Stakeholders at a roundtable on the need for Ghana to consider non-custodial sentences in cases of misdemeanour have called on Parliament to pass the Community Service Bill (non-custodial law) to help decongest the prisons and make them more effective.
They also appealed to the Ministry of the Interior to exert pressure on Parliament for the passage.
Referring to the Ghanaian Judicial System, they said it was empowered with custodial sentences: probation, parole and restricted non-custodial sentence such as fine, thus the need for the law to be passed.
Ghana should also implement the Tokyo Rules it is signatory to, which had broad non-custodial sentences it could choose from, they said.
Mr Jonathan Osei Owusu, the Facilitator for “Justice For All,” at the roundtable, organised by the Centre for Democratic Development (CDD), said Ghana should not wait any longer but try the system, learn and perfect it.
He said the justice system should be retributive whereby the offender would reform and victims would forgive, citing restitution, among others, which were found in the Tokyo Rules under the non-custodial sentences.
There should be enough public education to avoid stigmatisation where citizens would be encouraged to get on board to help reintegrate ex-convicts, he said.
Mr Owusu said keeping the inmates whereby the place was already congested was a drain on the country’s budget and, therefore, proposed that non-custodial sentences should be considered in terms of misdemeanour (offences which attract sentences less than three years).
Assistant Superintendent of Prisons (ASP) Stephen Okai Aboagye, at the Legal Unit, Ghana Prisons Service, disclosed that Ghanaian prisons had an excess of 3,247 inmates, thus the need to decongest them.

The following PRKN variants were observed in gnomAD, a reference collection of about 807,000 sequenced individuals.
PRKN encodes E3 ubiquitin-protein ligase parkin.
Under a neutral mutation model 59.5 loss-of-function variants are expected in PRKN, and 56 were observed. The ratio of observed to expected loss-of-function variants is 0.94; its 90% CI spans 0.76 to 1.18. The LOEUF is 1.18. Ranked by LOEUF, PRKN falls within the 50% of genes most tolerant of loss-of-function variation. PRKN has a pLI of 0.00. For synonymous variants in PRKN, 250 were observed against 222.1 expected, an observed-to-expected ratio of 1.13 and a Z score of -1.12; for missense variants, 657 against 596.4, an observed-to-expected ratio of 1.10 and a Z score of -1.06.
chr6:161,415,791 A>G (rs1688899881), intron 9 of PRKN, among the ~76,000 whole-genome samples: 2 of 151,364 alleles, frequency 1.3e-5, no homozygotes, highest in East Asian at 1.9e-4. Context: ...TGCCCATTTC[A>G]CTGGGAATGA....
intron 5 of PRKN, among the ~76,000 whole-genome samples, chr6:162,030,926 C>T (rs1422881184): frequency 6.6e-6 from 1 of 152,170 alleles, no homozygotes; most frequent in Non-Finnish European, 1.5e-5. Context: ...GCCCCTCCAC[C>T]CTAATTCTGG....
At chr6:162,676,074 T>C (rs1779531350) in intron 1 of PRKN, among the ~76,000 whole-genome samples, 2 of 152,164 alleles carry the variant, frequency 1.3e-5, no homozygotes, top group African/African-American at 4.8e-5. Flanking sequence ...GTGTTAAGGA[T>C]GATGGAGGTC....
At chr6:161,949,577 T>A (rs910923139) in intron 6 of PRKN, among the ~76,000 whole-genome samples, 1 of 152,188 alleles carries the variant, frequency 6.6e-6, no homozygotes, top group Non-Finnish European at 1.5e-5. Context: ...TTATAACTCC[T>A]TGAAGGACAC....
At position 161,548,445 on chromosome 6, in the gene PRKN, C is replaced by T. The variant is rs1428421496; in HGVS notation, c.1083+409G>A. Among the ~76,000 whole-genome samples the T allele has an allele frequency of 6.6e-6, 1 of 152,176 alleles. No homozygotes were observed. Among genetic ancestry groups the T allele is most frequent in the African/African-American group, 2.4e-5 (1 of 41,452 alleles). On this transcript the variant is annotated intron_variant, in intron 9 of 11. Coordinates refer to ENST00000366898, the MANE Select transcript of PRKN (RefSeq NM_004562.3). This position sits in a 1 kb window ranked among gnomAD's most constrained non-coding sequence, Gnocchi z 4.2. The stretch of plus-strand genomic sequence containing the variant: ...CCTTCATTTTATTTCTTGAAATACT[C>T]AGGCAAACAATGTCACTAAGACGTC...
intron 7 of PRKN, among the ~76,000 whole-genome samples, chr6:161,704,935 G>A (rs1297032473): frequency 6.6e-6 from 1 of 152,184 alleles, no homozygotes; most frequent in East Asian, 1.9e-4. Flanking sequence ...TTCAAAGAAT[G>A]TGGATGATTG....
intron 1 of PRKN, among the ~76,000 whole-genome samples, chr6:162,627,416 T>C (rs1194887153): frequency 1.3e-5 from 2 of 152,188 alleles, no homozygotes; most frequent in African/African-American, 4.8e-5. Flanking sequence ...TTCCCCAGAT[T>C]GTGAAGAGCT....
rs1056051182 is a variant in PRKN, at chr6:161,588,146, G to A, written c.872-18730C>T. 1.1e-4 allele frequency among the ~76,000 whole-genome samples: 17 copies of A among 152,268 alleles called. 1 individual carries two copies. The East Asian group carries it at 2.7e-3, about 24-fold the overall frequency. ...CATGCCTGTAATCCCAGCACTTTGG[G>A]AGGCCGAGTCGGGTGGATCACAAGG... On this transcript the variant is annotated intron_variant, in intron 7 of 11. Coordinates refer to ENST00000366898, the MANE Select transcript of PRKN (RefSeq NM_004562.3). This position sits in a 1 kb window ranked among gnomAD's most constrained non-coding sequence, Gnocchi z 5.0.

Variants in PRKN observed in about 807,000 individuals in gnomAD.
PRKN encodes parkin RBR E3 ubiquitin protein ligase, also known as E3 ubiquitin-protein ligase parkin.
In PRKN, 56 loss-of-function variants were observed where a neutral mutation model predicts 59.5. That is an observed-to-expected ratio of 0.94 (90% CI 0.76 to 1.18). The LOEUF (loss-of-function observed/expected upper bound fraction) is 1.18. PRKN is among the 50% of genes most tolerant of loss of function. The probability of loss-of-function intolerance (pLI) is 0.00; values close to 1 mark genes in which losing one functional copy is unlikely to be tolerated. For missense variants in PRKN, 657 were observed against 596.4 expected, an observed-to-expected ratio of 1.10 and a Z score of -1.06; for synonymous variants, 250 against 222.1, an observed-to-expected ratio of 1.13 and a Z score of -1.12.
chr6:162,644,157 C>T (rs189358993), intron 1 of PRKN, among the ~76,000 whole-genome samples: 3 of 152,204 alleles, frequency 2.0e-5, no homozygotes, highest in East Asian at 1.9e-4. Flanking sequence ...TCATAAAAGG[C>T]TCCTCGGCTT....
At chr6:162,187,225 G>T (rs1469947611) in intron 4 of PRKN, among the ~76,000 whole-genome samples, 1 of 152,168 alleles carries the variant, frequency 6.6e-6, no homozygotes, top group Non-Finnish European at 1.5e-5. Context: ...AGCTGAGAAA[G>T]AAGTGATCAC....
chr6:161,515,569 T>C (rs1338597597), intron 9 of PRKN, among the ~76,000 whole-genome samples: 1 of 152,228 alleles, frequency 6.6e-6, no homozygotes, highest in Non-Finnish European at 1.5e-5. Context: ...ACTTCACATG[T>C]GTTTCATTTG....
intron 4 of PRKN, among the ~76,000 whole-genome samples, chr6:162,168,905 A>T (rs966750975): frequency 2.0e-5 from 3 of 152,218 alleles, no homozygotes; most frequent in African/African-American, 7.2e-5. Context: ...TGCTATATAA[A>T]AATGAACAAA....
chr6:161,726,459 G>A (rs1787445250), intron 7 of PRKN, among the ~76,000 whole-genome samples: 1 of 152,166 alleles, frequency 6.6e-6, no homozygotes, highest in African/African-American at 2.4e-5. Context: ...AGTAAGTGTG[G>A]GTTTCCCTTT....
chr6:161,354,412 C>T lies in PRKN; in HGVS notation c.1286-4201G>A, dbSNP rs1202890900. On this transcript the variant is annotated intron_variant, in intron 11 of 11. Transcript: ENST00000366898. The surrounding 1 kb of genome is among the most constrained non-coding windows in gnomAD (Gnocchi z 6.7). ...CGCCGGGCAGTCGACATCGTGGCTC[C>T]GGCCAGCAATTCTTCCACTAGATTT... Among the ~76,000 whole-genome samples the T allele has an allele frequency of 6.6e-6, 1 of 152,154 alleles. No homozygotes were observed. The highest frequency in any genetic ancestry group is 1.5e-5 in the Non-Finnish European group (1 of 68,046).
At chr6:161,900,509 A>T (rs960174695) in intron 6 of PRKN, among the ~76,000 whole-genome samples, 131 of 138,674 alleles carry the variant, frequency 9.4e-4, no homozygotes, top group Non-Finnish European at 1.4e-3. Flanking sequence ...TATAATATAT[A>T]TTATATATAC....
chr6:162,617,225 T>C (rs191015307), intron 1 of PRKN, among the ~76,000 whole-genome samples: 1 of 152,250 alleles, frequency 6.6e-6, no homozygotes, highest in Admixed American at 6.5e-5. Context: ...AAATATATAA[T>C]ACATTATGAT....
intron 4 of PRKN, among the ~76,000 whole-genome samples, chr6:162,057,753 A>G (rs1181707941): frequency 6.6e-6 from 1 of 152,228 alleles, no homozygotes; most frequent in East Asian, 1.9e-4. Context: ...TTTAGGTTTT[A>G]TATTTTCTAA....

“As a result, convicts with different crime magnitudes were put together making the less hardened more hardened after serving their terms,” he said.
ASP Aboagye said that negated the purpose for keeping the inmates, which were for reformation, rehabilitation and proper reintegration, resulting in recidivism.
He explained that out of the 13,192 inmates, 1,554 were on remand whilst 11,638 had been convicted.
Apostle Lawrence Otu Nyarko, the Finance and Administration Director, Church of Pentecost, said when one committed an offence, the community should benefit from the punishment given.
He, therefore, suggested community service, including sweeping and planting of trees, while the convicts reported to the police till the term ended.
He said that practice, when adopted, would be humiliating enough to deter others from committing crimes.
Mrs Ameley Dankwa Agyeman from the Office of the Attorney General said judges must be encouraged to consider non-custodial sentences.
Madam Gifty Quaye, Assistant Director, Ministry of the Interior, said it was the Ministry’s priority to pass the Non-Custodial Bill, related to the Criminal Offence Act.
She said government was financially constrained, hence the delay.